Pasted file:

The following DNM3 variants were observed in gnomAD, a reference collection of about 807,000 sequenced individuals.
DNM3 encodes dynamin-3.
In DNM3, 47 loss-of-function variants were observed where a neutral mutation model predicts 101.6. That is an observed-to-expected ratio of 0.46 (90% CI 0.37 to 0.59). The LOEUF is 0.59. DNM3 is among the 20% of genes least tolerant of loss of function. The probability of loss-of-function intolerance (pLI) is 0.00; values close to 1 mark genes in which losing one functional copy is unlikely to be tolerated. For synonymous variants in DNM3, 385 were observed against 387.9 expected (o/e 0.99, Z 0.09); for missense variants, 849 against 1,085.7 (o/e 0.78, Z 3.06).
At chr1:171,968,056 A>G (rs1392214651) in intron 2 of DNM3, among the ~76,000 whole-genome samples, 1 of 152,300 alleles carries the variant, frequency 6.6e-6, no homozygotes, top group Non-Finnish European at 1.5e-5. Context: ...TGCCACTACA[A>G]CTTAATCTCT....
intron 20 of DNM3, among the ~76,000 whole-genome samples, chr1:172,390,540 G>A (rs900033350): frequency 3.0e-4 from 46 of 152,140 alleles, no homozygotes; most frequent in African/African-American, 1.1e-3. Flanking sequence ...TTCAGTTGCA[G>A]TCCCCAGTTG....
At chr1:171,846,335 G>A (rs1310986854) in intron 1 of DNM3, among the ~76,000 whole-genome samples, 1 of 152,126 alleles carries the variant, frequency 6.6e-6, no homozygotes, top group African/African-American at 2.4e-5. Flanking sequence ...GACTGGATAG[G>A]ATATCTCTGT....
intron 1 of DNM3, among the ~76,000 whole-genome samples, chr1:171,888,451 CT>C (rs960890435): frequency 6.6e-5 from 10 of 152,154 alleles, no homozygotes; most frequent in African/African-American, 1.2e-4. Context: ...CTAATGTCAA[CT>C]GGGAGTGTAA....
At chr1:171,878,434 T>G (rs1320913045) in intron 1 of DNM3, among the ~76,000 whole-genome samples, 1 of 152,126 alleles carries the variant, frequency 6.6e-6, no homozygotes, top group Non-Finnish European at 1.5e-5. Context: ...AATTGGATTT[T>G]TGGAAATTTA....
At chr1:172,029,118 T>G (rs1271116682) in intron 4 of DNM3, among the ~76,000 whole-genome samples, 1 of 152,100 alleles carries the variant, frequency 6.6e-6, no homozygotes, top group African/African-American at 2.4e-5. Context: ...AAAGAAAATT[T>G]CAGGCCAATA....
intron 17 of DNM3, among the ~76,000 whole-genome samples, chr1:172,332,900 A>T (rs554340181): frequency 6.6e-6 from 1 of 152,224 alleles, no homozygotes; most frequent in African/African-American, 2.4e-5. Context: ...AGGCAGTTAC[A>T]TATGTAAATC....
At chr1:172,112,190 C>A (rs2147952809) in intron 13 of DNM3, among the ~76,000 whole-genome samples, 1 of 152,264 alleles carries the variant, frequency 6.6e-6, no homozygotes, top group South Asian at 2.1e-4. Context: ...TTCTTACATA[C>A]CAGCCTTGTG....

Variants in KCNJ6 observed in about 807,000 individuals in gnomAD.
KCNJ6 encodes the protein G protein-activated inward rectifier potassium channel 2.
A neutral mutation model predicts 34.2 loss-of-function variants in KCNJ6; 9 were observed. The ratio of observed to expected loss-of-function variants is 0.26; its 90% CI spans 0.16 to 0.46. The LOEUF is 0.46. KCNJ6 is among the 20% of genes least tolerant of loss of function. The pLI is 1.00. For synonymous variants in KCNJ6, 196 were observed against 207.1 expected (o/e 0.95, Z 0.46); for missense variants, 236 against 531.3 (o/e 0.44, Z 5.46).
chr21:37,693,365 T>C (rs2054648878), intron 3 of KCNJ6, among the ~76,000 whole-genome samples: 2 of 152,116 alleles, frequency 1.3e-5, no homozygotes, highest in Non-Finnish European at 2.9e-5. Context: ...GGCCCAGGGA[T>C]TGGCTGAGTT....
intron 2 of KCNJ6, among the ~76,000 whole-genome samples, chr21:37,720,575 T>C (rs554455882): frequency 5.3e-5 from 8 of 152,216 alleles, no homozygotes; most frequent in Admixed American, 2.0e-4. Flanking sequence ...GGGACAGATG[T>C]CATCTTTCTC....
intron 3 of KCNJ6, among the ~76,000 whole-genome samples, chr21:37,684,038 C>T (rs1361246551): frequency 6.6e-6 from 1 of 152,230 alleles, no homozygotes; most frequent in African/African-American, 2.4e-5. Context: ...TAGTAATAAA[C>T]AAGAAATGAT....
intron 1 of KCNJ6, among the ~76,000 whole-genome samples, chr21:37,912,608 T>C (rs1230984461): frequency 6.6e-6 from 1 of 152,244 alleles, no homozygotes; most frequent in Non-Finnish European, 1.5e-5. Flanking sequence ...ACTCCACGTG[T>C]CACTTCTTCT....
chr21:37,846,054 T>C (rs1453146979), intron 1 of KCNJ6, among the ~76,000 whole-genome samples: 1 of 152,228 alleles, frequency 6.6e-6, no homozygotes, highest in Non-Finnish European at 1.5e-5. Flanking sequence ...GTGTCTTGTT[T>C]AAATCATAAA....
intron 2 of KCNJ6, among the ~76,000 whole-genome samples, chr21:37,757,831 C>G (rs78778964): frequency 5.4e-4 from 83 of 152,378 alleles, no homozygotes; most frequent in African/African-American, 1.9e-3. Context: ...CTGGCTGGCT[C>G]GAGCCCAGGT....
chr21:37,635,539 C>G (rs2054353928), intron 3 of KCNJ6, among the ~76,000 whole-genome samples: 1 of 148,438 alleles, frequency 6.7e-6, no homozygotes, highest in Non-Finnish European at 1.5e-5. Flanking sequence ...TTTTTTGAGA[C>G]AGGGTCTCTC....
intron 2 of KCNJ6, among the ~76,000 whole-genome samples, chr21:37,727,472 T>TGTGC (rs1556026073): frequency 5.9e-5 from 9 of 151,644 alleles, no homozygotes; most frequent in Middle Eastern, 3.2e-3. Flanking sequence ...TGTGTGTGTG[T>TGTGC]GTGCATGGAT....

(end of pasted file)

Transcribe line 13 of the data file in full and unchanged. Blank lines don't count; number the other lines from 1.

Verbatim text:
KCNJ6 encodes the protein G protein-activated inward rectifier potassium channel 2.